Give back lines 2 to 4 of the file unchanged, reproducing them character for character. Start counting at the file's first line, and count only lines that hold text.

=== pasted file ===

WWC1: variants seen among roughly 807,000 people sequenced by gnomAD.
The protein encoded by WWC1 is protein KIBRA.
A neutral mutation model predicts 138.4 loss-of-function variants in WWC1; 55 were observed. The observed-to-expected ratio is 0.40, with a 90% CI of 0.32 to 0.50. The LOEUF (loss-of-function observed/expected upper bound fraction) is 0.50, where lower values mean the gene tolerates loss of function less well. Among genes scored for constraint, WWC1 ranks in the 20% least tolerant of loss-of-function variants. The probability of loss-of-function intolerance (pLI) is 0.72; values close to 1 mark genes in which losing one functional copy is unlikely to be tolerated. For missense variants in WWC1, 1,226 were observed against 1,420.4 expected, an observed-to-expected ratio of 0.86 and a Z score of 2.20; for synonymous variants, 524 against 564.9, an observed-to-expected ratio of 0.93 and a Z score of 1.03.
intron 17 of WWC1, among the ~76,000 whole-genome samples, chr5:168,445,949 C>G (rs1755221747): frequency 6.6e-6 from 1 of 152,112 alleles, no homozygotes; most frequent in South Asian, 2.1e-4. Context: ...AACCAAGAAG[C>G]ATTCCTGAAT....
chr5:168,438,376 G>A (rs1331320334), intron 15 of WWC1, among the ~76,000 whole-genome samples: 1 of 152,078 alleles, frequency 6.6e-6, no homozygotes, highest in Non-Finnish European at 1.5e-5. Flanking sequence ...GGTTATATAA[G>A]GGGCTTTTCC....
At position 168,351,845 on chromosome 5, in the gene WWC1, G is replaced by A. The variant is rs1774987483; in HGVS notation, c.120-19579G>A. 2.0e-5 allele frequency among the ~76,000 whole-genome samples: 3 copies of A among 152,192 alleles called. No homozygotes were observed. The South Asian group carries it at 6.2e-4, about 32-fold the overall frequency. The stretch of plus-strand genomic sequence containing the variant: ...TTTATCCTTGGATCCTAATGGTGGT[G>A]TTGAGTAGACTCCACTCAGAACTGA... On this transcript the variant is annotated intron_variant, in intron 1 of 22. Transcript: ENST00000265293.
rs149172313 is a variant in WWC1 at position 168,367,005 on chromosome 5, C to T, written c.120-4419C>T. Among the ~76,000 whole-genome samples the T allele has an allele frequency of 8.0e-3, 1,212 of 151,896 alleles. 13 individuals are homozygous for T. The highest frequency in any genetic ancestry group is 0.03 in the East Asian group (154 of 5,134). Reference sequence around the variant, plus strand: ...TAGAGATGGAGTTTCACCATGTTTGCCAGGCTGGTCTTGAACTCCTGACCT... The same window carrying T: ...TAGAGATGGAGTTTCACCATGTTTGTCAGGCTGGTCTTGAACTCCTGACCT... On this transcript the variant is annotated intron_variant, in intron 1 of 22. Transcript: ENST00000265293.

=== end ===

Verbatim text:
The protein encoded by WWC1 is protein KIBRA.
A neutral mutation model predicts 138.4 loss-of-function variants in WWC1; 55 were observed. The observed-to-expected ratio is 0.40, with a 90% CI of 0.32 to 0.50. The LOEUF (loss-of-function observed/expected upper bound fraction) is 0.50, where lower values mean the gene tolerates loss of function less well. Among genes scored for constraint, WWC1 ranks in the 20% least tolerant of loss-of-function variants. The probability of loss-of-function intolerance (pLI) is 0.72; values close to 1 mark genes in which losing one functional copy is unlikely to be tolerated. For missense variants in WWC1, 1,226 were observed against 1,420.4 expected, an observed-to-expected ratio of 0.86 and a Z score of 2.20; for synonymous variants, 524 against 564.9, an observed-to-expected ratio of 0.93 and a Z score of 1.03.
intron 17 of WWC1, among the ~76,000 whole-genome samples, chr5:168,445,949 C>G (rs1755221747): frequency 6.6e-6 from 1 of 152,112 alleles, no homozygotes; most frequent in South Asian, 2.1e-4. Context: ...AACCAAGAAG[C>G]ATTCCTGAAT....